Inadequate testing for Covid-19, based on poor or questionable data, is proliferating in the UK as there are no clear rules on what companies must prove before they can sell them, experts believe.
The Royal Statistical Society (RSS) has set up a task force to investigate and develop guidelines for companies performing the tests and those who evaluate and purchase them. The organization says there are “concerns about the lack of basic statistical evidence on the clinical and analytical performance of a number of new diagnostic tests available.”
The group is led by RSS chairperson Prof Deborah Ashby, as well as Prof Jon Deeks, who pointed to the failures of a number of tests. Deeks cast doubt on the claim that a government-backed antibody test by Abingdon Health is “99.4% accurate” and blasted a test from iAbra – tested at Heathrow Airport – which claimed 99.8% accuracy based on three samples.
Pinned to his Twitter account is an article titled “21 Ways to Spin Results for a Covid Diagnostic Test Accuracy”.
The working group will look at all types of tests, including the baseline swab PCR test for the virus, which is missing some of the cases. “Are we only evaluating the test as it works in the lab, or the testing process as we apply it to a real human being?” He asked.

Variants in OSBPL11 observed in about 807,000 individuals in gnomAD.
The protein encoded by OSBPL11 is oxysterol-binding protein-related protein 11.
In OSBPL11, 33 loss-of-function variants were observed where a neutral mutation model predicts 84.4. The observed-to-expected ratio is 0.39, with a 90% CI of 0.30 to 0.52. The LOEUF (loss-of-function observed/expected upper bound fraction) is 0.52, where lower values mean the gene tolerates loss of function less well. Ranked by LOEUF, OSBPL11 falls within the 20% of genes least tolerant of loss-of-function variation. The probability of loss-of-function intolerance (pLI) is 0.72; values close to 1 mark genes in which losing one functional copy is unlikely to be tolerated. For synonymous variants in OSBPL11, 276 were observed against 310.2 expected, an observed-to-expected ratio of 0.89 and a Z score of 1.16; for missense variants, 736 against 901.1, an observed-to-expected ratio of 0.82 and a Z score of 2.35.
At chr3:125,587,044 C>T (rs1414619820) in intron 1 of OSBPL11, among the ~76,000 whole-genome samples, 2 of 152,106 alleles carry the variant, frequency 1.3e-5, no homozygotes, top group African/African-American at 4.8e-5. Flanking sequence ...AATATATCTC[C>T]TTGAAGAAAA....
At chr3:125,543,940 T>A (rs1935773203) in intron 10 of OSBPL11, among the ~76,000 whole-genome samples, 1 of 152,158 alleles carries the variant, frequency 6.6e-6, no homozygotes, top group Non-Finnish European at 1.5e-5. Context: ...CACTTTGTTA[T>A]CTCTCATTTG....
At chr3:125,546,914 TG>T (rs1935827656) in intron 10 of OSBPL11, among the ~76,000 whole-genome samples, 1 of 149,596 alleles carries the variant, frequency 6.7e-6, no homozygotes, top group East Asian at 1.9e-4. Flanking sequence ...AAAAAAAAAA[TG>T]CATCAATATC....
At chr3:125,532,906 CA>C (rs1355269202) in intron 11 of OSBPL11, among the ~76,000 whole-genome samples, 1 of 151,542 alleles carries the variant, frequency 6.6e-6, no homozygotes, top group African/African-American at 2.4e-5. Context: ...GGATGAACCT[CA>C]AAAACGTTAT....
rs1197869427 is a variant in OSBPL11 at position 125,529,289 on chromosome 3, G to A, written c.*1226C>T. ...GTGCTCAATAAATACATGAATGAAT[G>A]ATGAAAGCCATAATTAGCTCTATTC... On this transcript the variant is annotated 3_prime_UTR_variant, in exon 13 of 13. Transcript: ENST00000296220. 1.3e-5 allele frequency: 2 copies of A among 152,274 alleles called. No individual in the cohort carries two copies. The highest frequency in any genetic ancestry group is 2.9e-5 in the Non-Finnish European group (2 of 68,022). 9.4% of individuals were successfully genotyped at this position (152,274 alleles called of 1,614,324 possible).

The lab test is good, he added, but whether people get the right result depends on whether enough virus has been taken from the nose and mouth on the swab. This had to be taken into account in the performance of the test.
“That’s not to say the test isn’t working well. It’s just that we didn’t take into account the fact that it may be missing 10 or 20% of cases, just because of the sampling phase, ”said Deeks.
We might do repeated testing, he said. “In many countries, people are not allowed out of isolation until they have had two negative swabs,” he said. “Whereas in the UK we only opted for one, which is a bit out of place.” If the UK data from the tests is inaccurate, this could raise questions about the validity of the modeling.
New rapid swab, saliva, and antibody tests do not need to be approved by a regulatory body. Manufacturers are only required to certify themselves that they have met certain standards in order to obtain the CE mark. “The current CE marking system is not suitable. It does not protect the public. It allows poor and misleading tests to be marketed. It doesn’t help the government make the right decisions, ”Deeks said.